One example of this is when William (Ralph Ineson) is chopping wood at night. You could do a conventional tense sequence of all these inserts of wood chopping, but then you are lighting from all these different directions at night. What we decided on was a slow, ominous over head zoom shot. One setup and for me it’s stronger than the more typical option which would be a cutty thing.
Eggers: Something Jarin and I believe strongly is that in order to really transport an audience, it’s not enough to say this is a good shot. It’s about saying every single shot in this film has to be articulating a memory of our own Puritan childhood, and what did our dad’s smell like that day in the corn field, and what was the mist like on the corn. That’s the level of specificity that’s needed in order to transport an audience. And that’s where the obsession with detail comes from. It’s not just authenticity for the sake of authenticity. That’s why [production designer] Craig [Lathrop] built the farm and farmhouse using the same tools and techniques they would have used in the 17th century.
Candle Lit Interiors
Blaschke: One of things I loved about [cinematographer] Gordon Willis (“Godfather,” “Annie Hall”) is he was more about chopping away the bullshit and just committing to ideas. That’s what I was striving for with the night time candlelit interiors. In the first short I did with Rob he found these triple wick, beeswax candles from Alaska and that’s when I learned to work with candles. I would supplement with electric lights here and there on the short. In this film I wanted to go a step further and be authentic to the period and just light by fire, and we were able to do that for all but one shot — the raven was going to freak out if we had a fire on set.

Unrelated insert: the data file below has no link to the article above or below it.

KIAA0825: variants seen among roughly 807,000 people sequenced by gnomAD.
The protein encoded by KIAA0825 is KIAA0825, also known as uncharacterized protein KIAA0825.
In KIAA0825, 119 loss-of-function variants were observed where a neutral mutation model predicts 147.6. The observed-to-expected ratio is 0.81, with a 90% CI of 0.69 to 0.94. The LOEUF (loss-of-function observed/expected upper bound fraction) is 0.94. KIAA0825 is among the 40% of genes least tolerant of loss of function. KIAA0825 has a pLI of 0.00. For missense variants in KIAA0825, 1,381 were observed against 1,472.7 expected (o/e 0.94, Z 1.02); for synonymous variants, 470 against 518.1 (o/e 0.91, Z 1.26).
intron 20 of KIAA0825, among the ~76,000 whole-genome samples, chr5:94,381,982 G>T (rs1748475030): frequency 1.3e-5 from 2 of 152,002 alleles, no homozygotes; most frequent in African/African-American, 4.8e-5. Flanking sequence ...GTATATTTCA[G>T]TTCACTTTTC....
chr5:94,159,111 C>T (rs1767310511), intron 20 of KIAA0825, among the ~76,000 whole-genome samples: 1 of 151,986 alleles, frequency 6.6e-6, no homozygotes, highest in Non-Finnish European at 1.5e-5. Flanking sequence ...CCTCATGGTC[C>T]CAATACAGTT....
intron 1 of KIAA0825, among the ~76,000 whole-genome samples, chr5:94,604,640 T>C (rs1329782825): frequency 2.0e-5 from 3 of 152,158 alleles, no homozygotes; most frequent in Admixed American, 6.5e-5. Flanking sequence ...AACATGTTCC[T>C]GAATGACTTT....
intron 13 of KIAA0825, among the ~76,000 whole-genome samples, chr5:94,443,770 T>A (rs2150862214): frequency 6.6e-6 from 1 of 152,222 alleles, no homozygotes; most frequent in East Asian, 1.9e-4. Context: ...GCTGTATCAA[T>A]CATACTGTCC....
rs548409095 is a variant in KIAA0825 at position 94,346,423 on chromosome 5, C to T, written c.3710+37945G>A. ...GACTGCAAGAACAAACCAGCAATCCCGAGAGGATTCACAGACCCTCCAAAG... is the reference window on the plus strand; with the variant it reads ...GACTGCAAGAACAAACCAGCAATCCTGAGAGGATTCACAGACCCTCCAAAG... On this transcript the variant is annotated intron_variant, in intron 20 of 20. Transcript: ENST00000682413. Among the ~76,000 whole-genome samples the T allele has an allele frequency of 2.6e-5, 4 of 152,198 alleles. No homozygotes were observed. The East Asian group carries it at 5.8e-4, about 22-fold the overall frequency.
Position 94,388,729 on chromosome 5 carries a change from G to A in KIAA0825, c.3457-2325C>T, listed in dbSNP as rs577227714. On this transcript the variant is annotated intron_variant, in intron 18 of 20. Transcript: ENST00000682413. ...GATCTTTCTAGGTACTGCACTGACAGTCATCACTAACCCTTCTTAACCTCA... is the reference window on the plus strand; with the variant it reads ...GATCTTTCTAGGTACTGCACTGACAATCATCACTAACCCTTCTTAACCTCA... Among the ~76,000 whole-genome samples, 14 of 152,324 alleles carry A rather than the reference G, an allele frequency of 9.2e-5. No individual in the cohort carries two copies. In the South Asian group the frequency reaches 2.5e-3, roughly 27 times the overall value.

One of my favorite shots is the three kids with a single candle in the middle. It’s a symmetrical composition, they’re kind of at the bottom of frame as they try to listen to the parents fight downstairs. I hid some tea lights to bring it up the light a little, but it’s essentially one source and just a very simple composition with light falling off as you go up the wall and having these barely illuminated people. It’s a shot that really embodies what I was striving for on this film. I was talking to Rob and we actually think even “The Witch” is over lit with too many candles going. Next time we want to go even further, maybe eliminate the need for depth, go simpler and see how far we can take it.
Editor’s Note: This feature is presented in partnership with Arri, a leading designer, manufacturer and distributor of motion picture camera, digital intermediate (DI) and lighting equipment. Click here for more information about Arri’s products.